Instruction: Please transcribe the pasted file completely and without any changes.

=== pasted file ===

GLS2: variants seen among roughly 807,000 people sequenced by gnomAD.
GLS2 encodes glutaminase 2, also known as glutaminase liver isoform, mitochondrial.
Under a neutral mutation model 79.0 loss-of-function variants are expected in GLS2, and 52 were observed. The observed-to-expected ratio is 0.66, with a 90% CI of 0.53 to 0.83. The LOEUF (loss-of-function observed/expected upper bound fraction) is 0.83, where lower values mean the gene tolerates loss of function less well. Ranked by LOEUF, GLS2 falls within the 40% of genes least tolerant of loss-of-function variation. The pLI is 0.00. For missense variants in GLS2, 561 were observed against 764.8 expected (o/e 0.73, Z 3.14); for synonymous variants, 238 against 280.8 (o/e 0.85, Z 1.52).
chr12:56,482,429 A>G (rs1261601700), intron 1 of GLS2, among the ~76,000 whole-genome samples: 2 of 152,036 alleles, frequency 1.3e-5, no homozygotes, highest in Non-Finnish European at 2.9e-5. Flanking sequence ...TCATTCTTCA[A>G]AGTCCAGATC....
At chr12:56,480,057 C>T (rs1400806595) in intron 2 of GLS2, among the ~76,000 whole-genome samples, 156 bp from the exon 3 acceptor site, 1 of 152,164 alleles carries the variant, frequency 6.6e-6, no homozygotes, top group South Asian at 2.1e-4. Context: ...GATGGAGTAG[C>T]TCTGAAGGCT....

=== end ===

GLS2: variants seen among roughly 807,000 people sequenced by gnomAD.
GLS2 encodes glutaminase 2, also known as glutaminase liver isoform, mitochondrial.
Under a neutral mutation model 79.0 loss-of-function variants are expected in GLS2, and 52 were observed. The observed-to-expected ratio is 0.66, with a 90% CI of 0.53 to 0.83. The LOEUF (loss-of-function observed/expected upper bound fraction) is 0.83, where lower values mean the gene tolerates loss of function less well. Ranked by LOEUF, GLS2 falls within the 40% of genes least tolerant of loss-of-function variation. The pLI is 0.00. For missense variants in GLS2, 561 were observed against 764.8 expected (o/e 0.73, Z 3.14); for synonymous variants, 238 against 280.8 (o/e 0.85, Z 1.52).
chr12:56,482,429 A>G (rs1261601700), intron 1 of GLS2, among the ~76,000 whole-genome samples: 2 of 152,036 alleles, frequency 1.3e-5, no homozygotes, highest in Non-Finnish European at 2.9e-5. Flanking sequence ...TCATTCTTCA[A>G]AGTCCAGATC....
At chr12:56,480,057 C>T (rs1400806595) in intron 2 of GLS2, among the ~76,000 whole-genome samples, 156 bp from the exon 3 acceptor site, 1 of 152,164 alleles carries the variant, frequency 6.6e-6, no homozygotes, top group South Asian at 2.1e-4. Context: ...GATGGAGTAG[C>T]TCTGAAGGCT....